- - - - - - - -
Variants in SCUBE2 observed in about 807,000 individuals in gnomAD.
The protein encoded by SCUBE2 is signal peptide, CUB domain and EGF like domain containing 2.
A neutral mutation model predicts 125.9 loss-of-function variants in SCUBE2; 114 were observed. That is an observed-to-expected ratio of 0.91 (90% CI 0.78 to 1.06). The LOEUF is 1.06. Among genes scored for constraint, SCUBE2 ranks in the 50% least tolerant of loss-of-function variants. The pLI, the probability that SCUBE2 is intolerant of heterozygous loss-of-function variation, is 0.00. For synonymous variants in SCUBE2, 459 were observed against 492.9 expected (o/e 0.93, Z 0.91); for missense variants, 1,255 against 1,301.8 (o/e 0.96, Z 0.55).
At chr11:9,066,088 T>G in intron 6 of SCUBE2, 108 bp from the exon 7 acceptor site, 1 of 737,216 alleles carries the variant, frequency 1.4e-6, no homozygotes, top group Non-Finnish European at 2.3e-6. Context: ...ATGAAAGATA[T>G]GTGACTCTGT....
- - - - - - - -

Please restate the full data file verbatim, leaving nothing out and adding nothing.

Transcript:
Variants in SCUBE2 observed in about 807,000 individuals in gnomAD.
The protein encoded by SCUBE2 is signal peptide, CUB domain and EGF like domain containing 2.
A neutral mutation model predicts 125.9 loss-of-function variants in SCUBE2; 114 were observed. That is an observed-to-expected ratio of 0.91 (90% CI 0.78 to 1.06). The LOEUF is 1.06. Among genes scored for constraint, SCUBE2 ranks in the 50% least tolerant of loss-of-function variants. The pLI, the probability that SCUBE2 is intolerant of heterozygous loss-of-function variation, is 0.00. For synonymous variants in SCUBE2, 459 were observed against 492.9 expected (o/e 0.93, Z 0.91); for missense variants, 1,255 against 1,301.8 (o/e 0.96, Z 0.55).
At chr11:9,066,088 T>G in intron 6 of SCUBE2, 108 bp from the exon 7 acceptor site, 1 of 737,216 alleles carries the variant, frequency 1.4e-6, no homozygotes, top group Non-Finnish European at 2.3e-6. Context: ...ATGAAAGATA[T>G]GTGACTCTGT....